EPA takes a mixed approach
Agency chooses a hybrid method for meeting HSPD-12
- By Jason Miller
- Oct 20, 2006
As at many agencies, the Environmental Protection Agency's decision on how to comply with Homeland Security Presidential Directive-12 was up in the air for a while.
Officials could either join a shared-services provider or implement the interoperable identification card system by themselves.
EPA, like the Housing and Urban Development Department, decided to do it both ways.
For the areas of the country with a large number of employees ' starting with Washington ' EPA will develop its own system, compliant with Federal Information Processing Standard 201-1. For areas that are more remote, the agency will use a shared-services provider's enrollment station to meet the mandate.
'We feel that, based on the way the agency is organized and the way we do business functionally, we were in the best position to do the hybrid approach,' said Wes Carpenter, director of EPA's security management division in the Office of Administration and Resources Management. 'We are going to start issuing cards on or before Oct. 27 and then phase in our offices through September 2008.' Oct. 27 is the Office of Management and Budget's deadline for agencies to begin issuing cards.
Carpenter added that EPA has about 30,000 people who will need cards, including 18,500 employees and 8,000 to 12,000 nonfederal workers.
'The enrollment station concept came out four to six months ago,' he said. 'Before that, we were going to go individually.'
The hybrid approach poses many challenges, including the need to award contracts for an integrator, public-key infrastructure provider and a card management system. EPA did all three over the past year, including the PKI provider and card management system in the past month.
EPA first hired Maximus Inc. of Reston, Va., last November under a five-year, $2.9 million contract to help with planning and eventually to be their system's integrator.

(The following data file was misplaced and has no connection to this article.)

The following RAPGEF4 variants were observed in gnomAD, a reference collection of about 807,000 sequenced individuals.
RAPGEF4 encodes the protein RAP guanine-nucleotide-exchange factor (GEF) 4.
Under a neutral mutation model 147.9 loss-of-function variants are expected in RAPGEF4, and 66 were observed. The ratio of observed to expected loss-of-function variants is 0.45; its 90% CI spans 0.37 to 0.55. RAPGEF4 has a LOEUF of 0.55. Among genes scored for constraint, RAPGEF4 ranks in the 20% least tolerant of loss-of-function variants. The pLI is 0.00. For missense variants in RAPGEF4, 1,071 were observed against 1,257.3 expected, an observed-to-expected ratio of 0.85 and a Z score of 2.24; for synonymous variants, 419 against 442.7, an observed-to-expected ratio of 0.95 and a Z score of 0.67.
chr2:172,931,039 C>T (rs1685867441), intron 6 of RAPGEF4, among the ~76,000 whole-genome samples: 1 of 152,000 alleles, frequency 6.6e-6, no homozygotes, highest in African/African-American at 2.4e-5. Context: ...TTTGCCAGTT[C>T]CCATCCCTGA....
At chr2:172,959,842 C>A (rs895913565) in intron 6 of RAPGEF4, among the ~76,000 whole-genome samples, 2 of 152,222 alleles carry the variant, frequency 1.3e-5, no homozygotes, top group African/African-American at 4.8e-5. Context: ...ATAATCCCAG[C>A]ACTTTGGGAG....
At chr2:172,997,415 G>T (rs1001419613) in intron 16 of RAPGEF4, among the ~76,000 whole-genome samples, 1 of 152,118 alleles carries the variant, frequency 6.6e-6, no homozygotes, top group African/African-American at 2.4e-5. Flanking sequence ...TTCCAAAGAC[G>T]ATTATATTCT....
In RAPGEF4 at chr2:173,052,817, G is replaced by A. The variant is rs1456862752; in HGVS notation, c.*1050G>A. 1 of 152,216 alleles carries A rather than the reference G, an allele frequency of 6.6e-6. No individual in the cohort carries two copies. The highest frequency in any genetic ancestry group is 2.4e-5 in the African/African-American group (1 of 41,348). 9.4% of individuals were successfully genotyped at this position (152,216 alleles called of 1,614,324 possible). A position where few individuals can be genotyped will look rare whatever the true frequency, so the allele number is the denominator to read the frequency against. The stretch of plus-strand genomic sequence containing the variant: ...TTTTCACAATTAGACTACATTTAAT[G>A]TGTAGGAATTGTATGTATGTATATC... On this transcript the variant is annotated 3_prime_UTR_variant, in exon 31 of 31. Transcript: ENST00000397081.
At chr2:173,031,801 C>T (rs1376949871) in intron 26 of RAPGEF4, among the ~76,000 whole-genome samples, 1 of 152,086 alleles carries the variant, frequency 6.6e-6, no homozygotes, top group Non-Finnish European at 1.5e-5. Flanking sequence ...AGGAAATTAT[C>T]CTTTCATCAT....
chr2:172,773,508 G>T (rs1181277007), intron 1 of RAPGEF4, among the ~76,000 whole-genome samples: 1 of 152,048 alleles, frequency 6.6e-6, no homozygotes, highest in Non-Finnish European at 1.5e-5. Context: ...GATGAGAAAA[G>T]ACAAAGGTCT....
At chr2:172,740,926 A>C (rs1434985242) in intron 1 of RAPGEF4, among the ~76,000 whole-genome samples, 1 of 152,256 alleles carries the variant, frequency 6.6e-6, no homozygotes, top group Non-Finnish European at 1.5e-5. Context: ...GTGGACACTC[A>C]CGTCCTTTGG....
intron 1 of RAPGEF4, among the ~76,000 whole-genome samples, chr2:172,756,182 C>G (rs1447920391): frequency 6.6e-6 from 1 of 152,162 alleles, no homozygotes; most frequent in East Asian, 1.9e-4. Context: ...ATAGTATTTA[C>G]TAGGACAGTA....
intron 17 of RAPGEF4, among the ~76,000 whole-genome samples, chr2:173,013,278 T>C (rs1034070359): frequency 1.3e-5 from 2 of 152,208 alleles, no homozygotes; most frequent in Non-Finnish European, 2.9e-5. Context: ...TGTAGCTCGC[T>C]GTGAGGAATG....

'The intention of the contract was to fully develop their requirements and design documents to implement HSPD-12,' said Mary Whitely, Maximus' federal systems division president. 'EPA evaluated products based on our recommendations and analysis, and made their decision.'
Maximus is writing interfaces and doing testing so the agency can produce cards on Oct. 27, Whitely added.
EPA also hired Operational Research Consultants Inc. of Fairfax, Va., to be its shared-services provider and deliver 26,000 cards with credentials.
Dan Turissini, ORC chief executive officer, said workers are putting the registration practice statement in place. The RPS is the agreement between the SSP and the agency policy authority describing the process for issuing cards with a digital certificate.
ORC will provide EPA with 6,000 cards every six months for two years, with an extra 2,000 floating across all four periods.
Finally, EPA bought the card management system from RSA Security, the security division of EMC Corp. of Hopkinton, Mass. Maximus is installing the system.
So with all these pieces coming into place, EPA's Carpenter said employees at headquarters in Washington will receive their cards first, and then the agency will start moving cards out to regional offices.
'We want to make sure we do things right locally and get the kinks out of the system,' he said.
Carpenter could not comment on the price of the cards, saying they are evolving. He did say, however, that EPA would be competitive with what the General Services Administration proposed under its SSP. GSA has quoted a price per card of about $110.
'Based on our ability to do this individually and also leverage the experience GSA and others have with a shared-services provider, we may end up realizing going down one road is better than the other and migrate that way,' Carpenter said.